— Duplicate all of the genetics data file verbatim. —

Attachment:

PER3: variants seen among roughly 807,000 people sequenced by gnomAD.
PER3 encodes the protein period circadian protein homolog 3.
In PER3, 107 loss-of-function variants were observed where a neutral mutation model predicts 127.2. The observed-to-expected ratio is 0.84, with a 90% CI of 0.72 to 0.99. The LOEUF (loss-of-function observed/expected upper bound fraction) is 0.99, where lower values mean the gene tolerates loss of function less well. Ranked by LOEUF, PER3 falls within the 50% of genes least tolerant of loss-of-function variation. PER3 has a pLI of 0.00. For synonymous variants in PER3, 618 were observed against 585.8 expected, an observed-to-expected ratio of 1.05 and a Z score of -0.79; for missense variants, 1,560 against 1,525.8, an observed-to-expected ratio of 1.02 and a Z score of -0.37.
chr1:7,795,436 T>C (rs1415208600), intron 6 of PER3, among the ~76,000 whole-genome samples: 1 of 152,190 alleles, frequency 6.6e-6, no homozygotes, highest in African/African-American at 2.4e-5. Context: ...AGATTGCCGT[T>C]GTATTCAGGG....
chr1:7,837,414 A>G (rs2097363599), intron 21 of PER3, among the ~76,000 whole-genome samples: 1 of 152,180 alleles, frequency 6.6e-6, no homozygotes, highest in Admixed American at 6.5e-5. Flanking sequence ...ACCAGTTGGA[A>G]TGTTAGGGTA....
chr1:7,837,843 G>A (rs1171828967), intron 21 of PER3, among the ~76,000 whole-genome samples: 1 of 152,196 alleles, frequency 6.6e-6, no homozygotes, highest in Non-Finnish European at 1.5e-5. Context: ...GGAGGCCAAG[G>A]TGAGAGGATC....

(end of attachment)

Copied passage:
PER3: variants seen among roughly 807,000 people sequenced by gnomAD.
PER3 encodes the protein period circadian protein homolog 3.
In PER3, 107 loss-of-function variants were observed where a neutral mutation model predicts 127.2. The observed-to-expected ratio is 0.84, with a 90% CI of 0.72 to 0.99. The LOEUF (loss-of-function observed/expected upper bound fraction) is 0.99, where lower values mean the gene tolerates loss of function less well. Ranked by LOEUF, PER3 falls within the 50% of genes least tolerant of loss-of-function variation. PER3 has a pLI of 0.00. For synonymous variants in PER3, 618 were observed against 585.8 expected, an observed-to-expected ratio of 1.05 and a Z score of -0.79; for missense variants, 1,560 against 1,525.8, an observed-to-expected ratio of 1.02 and a Z score of -0.37.
chr1:7,795,436 T>C (rs1415208600), intron 6 of PER3, among the ~76,000 whole-genome samples: 1 of 152,190 alleles, frequency 6.6e-6, no homozygotes, highest in African/African-American at 2.4e-5. Context: ...AGATTGCCGT[T>C]GTATTCAGGG....
chr1:7,837,414 A>G (rs2097363599), intron 21 of PER3, among the ~76,000 whole-genome samples: 1 of 152,180 alleles, frequency 6.6e-6, no homozygotes, highest in Admixed American at 6.5e-5. Flanking sequence ...ACCAGTTGGA[A>G]TGTTAGGGTA....
chr1:7,837,843 G>A (rs1171828967), intron 21 of PER3, among the ~76,000 whole-genome samples: 1 of 152,196 alleles, frequency 6.6e-6, no homozygotes, highest in Non-Finnish European at 1.5e-5. Context: ...GGAGGCCAAG[G>A]TGAGAGGATC....